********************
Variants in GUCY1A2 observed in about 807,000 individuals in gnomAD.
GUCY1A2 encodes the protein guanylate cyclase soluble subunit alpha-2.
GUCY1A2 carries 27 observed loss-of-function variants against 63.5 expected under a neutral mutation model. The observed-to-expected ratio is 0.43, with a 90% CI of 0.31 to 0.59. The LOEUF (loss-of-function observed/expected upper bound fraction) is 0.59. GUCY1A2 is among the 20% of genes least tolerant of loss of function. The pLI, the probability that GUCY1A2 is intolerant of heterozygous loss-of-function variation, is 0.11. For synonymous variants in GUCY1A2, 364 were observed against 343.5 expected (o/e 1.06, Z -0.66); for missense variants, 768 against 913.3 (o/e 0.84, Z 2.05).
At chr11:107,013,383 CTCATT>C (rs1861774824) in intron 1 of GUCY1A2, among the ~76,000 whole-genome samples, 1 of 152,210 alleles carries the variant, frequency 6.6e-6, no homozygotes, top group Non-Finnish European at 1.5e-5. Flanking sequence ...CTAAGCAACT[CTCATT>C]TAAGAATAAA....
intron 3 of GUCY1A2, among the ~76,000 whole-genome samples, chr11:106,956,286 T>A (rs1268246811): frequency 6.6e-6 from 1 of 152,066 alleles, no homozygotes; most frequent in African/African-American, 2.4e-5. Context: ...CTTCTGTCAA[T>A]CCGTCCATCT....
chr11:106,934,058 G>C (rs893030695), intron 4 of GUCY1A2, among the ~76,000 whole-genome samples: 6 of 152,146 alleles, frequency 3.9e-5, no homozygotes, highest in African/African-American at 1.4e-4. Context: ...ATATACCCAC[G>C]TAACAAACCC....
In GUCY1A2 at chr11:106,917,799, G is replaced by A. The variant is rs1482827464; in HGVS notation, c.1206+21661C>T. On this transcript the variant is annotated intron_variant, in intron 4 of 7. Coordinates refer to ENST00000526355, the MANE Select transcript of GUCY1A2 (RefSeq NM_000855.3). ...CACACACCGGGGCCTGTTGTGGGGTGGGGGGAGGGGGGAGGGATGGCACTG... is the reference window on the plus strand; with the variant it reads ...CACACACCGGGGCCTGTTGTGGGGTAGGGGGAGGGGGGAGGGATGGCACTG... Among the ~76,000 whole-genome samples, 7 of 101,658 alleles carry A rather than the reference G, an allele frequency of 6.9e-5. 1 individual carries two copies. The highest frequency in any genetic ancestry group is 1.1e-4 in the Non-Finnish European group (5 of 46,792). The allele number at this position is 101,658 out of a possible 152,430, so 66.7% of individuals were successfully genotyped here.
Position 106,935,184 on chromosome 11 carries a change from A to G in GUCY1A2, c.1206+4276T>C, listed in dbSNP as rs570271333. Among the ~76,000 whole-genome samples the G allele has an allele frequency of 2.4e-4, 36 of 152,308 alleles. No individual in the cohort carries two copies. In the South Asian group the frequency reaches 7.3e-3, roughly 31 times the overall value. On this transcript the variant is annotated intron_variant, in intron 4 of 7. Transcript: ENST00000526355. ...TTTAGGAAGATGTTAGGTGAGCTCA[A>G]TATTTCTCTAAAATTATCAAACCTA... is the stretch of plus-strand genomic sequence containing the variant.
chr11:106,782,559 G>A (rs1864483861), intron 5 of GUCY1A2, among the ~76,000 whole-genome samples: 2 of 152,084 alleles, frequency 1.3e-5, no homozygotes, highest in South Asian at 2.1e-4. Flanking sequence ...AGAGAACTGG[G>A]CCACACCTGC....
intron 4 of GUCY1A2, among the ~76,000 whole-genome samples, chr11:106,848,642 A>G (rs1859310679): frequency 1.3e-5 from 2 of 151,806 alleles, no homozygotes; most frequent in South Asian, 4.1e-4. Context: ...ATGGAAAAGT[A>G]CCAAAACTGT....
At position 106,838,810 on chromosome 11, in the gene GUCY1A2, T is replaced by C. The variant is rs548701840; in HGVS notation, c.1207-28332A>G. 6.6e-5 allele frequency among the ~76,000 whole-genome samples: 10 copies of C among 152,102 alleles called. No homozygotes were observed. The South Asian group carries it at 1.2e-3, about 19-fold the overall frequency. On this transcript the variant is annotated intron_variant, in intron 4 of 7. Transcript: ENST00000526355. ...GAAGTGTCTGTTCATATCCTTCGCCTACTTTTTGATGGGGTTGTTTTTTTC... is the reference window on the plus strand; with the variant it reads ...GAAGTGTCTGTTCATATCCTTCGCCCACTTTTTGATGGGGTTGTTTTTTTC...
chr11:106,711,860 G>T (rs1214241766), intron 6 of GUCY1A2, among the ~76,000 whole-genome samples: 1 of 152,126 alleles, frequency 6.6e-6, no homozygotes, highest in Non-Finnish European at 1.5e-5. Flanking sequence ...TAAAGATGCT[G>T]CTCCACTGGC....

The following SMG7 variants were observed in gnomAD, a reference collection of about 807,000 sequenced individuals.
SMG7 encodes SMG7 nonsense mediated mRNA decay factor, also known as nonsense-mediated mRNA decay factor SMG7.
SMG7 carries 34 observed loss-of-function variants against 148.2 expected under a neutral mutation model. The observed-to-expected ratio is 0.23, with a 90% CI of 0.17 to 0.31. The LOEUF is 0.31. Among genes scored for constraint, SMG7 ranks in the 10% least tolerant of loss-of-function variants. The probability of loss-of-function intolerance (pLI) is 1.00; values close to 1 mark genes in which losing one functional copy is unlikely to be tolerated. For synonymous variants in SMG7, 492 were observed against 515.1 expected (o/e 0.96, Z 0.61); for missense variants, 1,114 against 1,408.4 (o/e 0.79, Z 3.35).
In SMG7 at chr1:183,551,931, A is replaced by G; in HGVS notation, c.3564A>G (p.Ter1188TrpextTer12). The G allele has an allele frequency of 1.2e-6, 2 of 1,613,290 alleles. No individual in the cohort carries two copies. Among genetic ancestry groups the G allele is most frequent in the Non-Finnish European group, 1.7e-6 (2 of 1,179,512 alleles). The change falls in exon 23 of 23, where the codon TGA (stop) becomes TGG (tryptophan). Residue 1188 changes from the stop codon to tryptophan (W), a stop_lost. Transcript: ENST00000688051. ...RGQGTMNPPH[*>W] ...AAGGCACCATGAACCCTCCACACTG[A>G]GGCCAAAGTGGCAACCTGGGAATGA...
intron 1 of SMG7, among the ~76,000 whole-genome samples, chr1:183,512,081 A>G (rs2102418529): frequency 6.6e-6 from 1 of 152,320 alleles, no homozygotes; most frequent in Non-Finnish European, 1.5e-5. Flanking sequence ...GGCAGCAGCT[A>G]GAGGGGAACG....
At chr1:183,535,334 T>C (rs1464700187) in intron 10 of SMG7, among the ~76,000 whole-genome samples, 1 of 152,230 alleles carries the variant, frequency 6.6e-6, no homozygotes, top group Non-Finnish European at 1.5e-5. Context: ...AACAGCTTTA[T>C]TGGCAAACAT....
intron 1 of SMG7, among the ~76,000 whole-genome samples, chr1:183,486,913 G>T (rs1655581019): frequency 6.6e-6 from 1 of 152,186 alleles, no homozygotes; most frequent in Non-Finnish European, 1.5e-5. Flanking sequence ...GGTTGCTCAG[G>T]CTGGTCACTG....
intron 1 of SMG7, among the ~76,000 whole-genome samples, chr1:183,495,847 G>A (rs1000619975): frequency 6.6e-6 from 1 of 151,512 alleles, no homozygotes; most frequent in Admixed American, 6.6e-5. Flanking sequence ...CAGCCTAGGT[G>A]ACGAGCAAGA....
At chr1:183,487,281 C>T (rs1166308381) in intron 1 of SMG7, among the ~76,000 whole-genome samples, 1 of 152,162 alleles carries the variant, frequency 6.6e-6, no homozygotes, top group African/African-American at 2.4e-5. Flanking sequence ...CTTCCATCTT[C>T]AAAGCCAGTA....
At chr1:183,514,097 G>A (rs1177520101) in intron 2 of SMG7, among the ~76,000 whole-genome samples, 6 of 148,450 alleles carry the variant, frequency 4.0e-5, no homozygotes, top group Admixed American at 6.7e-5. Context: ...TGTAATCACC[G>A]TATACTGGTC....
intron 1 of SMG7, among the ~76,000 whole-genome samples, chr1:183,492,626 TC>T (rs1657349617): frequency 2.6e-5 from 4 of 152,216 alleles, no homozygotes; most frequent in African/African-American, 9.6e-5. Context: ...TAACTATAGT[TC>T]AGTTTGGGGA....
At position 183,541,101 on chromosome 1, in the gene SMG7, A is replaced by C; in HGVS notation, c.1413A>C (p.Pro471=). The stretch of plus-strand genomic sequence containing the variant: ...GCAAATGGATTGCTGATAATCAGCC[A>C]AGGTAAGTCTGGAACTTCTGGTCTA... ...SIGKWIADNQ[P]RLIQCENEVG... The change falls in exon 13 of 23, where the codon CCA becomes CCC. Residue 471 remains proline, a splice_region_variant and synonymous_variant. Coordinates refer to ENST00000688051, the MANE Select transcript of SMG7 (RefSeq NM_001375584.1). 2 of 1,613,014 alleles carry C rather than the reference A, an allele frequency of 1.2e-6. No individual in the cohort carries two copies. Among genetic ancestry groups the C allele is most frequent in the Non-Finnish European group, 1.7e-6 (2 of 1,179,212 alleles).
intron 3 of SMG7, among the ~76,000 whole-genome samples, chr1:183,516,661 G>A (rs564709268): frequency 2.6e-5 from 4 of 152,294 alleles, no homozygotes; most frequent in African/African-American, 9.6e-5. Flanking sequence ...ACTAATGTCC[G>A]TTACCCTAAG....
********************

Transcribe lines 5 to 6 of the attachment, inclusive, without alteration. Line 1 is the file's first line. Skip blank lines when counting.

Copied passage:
intron 3 of GUCY1A2, among the ~76,000 whole-genome samples, chr11:106,956,286 T>A (rs1268246811): frequency 6.6e-6 from 1 of 152,066 alleles, no homozygotes; most frequent in African/African-American, 2.4e-5. Context: ...CTTCTGTCAA[T>A]CCGTCCATCT....
chr11:106,934,058 G>C (rs893030695), intron 4 of GUCY1A2, among the ~76,000 whole-genome samples: 6 of 152,146 alleles, frequency 3.9e-5, no homozygotes, highest in African/African-American at 1.4e-4. Context: ...ATATACCCAC[G>C]TAACAAACCC....